14. MS (Multiple sclerosis) • Idiopathic disease of suspected autoimmune • Attacks a person's central nervous system (brain and spinal cord), leading to demyelination • Attacks and damages the myelin • Refers to scars (scleroses—better known as plaques or lesions) in the white matter of the brain and spinal cord

  15. MS (Multiple sclerosis) • Cause remains unknown • Genetics or infections • Different environmental risk factors

  16. MS (Multiple sclerosis) There are three categories of MS; Definite, Probable, and Possible MS. • Definite MS • Probable MS • Possible MS

  17. MS (Multiple sclerosis) • Relapse-remitting MS (RRMS): Here you have an attack, go into complete or partial remission, then have the symptoms return. • Primary-progressive MS (PPMS): Here you continually decline and have no remissions. There may be a temporary relief in symptoms. • A few patients have malignant MS which is where they have a quick decline which leaves them severely disabled or even lead to death.

  18. MS (Multiple sclerosis) • Secondary-progressive MS (SPMS): This stage of MS starts with RRMS symptoms and continues on to show signs of PPMS. • Progressive-relapsing MS (PRMS): This is a rare form but here it takes a progressive route made worse by acute attacks. • 20% of the people with MS have a benign form. Here they show little progression after the first attack.

  19. MS (Multiple sclerosis) • Fatigue • Depression • Memory change • Pain • Spasticity • Vertigo • Tremor • Double Vision/Vision Loss • Weakness • Dizziness/Unsteadiness • Numbness/Tingling • Ataxia • Euphoria • Speech disturbance • Bladder/Bowel/Sexual dysfunction

  20. PT management in MS (Multiple Sclerosis) • General Exercise: depend on progression of lesion • Chest Therapy - BE (Breathing Exercise) - Coughing - Huffing - Chest Trunk Mobilization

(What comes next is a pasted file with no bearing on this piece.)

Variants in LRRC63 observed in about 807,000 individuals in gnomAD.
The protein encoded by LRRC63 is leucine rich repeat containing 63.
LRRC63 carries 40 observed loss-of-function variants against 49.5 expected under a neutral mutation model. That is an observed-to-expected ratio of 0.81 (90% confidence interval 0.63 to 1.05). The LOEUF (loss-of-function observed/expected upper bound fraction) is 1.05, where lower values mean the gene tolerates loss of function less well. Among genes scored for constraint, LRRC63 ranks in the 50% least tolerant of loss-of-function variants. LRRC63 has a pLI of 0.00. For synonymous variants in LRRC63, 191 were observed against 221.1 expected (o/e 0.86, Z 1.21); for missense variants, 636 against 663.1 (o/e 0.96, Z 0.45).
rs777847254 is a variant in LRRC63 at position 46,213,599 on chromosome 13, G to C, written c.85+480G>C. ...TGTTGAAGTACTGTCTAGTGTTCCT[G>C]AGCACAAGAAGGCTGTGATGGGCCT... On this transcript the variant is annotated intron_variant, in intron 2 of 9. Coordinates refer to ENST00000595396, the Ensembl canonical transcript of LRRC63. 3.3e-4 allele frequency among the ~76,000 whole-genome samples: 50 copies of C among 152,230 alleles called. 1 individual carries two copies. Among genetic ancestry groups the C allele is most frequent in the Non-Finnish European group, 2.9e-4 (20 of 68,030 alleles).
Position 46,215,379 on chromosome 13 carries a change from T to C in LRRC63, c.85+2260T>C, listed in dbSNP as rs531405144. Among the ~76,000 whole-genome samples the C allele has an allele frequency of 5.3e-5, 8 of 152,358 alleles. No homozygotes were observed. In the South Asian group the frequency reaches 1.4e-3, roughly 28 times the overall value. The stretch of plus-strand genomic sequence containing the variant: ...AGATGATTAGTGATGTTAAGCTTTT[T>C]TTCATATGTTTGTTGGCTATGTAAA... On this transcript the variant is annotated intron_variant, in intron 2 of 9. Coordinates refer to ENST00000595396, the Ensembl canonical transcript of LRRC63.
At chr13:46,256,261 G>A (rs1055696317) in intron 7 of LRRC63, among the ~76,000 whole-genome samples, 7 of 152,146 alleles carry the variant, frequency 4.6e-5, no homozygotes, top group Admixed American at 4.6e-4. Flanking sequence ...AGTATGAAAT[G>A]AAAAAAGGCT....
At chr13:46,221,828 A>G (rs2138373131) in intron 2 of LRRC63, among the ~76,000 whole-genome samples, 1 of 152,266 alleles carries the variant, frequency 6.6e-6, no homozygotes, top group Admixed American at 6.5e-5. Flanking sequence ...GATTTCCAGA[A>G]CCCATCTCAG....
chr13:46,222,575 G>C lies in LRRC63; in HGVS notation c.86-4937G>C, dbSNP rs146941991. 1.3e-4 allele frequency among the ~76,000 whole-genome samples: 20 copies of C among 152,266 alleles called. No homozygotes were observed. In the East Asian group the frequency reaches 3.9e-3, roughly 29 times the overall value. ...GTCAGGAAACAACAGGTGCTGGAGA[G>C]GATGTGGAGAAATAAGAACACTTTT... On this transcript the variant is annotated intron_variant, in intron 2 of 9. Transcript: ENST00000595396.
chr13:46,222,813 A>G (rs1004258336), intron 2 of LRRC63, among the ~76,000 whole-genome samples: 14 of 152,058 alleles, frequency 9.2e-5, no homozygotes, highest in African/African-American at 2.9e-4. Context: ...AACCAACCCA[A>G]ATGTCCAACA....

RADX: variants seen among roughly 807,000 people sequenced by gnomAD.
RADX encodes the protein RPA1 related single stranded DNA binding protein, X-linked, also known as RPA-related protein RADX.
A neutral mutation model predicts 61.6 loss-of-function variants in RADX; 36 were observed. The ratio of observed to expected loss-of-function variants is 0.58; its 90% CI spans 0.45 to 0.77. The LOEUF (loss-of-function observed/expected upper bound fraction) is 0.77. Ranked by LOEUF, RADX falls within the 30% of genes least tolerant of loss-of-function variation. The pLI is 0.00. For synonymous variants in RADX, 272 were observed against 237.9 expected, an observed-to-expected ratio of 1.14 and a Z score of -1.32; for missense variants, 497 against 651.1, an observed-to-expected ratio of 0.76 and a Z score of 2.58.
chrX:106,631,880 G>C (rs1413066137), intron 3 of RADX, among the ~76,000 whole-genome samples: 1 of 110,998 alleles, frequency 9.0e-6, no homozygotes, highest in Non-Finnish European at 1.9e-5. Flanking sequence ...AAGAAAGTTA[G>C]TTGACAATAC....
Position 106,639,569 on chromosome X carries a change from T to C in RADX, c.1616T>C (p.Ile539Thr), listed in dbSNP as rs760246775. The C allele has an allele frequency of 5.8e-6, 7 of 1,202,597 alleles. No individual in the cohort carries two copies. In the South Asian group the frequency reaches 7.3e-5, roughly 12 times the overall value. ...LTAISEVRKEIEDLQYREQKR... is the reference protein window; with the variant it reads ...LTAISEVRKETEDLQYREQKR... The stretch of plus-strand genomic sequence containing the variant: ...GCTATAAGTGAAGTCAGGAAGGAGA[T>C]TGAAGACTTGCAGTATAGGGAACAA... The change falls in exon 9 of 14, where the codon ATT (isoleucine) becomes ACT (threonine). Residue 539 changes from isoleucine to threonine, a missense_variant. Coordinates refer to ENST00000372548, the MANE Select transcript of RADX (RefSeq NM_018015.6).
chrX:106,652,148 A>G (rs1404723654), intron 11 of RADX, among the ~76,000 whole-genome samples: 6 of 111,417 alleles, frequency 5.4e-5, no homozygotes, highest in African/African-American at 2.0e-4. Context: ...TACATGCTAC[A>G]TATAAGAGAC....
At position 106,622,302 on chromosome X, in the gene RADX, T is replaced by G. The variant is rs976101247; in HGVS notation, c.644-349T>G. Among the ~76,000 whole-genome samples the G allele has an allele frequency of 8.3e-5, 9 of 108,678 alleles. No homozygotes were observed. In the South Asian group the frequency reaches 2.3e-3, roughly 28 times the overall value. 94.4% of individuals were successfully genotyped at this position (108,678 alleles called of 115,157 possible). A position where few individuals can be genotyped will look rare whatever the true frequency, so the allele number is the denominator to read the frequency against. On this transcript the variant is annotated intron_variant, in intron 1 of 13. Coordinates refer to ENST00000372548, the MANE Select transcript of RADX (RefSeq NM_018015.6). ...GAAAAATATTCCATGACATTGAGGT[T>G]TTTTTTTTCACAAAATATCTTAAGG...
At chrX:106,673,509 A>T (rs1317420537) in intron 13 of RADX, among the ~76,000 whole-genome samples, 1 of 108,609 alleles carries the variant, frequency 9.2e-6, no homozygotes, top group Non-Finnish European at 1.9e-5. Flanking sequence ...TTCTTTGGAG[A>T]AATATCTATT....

21. Guillain-Barre’s Syndrome • Most common cause of rapidly progressive weakness • Demyelinating neuropathy • Ascending weakness which may include cranial neuropathies • Exam reveals symmetric weakness with areflexia and large fiber sensory loss • Bowel and bladder usually preserved

  22. Guillain-Barre’s Syndrome • Respiratory failure can be precipitous • Other causes of morbidity and mortality • Autonomic instability • DVT • Infection • Immune mediated, may be post infectious • Treatment • Plasma exchange • Intravenous immunoglobulin

  23. PT Management in Guillain-Barre’s Syndrome • General Exercise • Pumping Exercise: Prevent DVT • PT Chest Therapy - BE (Breathing Exercise) - Coughing - Huffing - Chest Trunk Mobilization

  24. Duchenne and Becker Muscular dystrophy

  25. Duchenne’s Muscular Dystrophy Duchenne’s Muscular Dystrophy • X-linked recessive • Absence of dystrophin protein • Slow to reach motor milestones, sxs by age 5 • All walk, may never run • End up in wheelchair by age 10-12 • Steroids may delay time until wheelchair bound • Muscles replaced by fat may appear hypertrophic • Frequently mildly mentally retarded • Life expectancy < 20 years with death related to respiratory failure or cardiomyopathy

  26. Duchenne’s Muscular Dystrophy General Appearance • Shoulder arkwardly • Sway back • Scoliosis • Knee bend (locked-knee) • Pseudohypertrophy of calf • Tip-Toe walking • Muscle of LE Atrophy

  27. PT Management in Duchenne’s Muscular Dystrophy • Trunk Stabilization exercise • Management of Posture: Scoliosis • Stretching of calf muscle • Exercise for Strengthening of Muscle of LE • Chest PT in late stage

  28. Any Question?